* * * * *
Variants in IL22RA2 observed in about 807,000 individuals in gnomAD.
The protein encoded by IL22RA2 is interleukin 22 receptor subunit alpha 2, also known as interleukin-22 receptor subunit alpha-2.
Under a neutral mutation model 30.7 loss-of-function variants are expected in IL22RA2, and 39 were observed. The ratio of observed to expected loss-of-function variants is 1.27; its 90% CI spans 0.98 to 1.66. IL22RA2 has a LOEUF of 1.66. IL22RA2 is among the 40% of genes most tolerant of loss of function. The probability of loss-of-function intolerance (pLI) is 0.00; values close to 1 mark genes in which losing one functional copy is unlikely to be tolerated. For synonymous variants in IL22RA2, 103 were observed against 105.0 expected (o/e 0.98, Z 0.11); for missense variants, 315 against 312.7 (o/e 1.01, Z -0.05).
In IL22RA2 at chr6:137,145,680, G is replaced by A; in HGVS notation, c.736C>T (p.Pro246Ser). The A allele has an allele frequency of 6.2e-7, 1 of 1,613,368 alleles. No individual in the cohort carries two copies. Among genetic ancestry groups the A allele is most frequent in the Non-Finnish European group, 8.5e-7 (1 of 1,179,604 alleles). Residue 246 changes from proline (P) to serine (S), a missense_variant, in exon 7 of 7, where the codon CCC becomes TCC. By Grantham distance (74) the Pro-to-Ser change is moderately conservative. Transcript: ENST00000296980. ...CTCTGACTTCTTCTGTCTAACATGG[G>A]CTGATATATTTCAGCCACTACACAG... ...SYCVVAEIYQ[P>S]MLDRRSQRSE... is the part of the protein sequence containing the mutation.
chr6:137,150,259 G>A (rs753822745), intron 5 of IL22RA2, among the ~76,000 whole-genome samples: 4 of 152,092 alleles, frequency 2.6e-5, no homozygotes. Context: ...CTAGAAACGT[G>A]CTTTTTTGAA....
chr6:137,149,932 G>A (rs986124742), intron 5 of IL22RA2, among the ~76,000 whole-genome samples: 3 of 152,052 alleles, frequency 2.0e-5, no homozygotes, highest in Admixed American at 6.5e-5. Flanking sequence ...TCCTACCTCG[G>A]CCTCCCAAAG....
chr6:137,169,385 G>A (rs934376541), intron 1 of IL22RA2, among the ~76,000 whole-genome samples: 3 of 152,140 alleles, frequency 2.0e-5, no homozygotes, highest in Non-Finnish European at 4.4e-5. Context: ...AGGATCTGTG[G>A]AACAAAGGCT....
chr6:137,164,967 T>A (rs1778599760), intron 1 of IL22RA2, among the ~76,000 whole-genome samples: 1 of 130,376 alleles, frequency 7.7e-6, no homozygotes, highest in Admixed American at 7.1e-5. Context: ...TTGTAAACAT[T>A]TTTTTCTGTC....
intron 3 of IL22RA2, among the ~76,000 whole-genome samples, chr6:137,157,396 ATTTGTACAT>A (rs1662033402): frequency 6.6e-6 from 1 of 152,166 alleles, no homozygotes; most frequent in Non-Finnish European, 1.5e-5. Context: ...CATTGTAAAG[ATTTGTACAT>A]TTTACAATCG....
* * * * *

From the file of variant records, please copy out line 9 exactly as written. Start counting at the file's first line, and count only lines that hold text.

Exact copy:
intron 3 of IL22RA2, among the ~76,000 whole-genome samples, chr6:137,157,396 ATTTGTACAT>A (rs1662033402): frequency 6.6e-6 from 1 of 152,166 alleles, no homozygotes; most frequent in Non-Finnish European, 1.5e-5. Context: ...CATTGTAAAG[ATTTGTACAT>A]TTTACAATCG....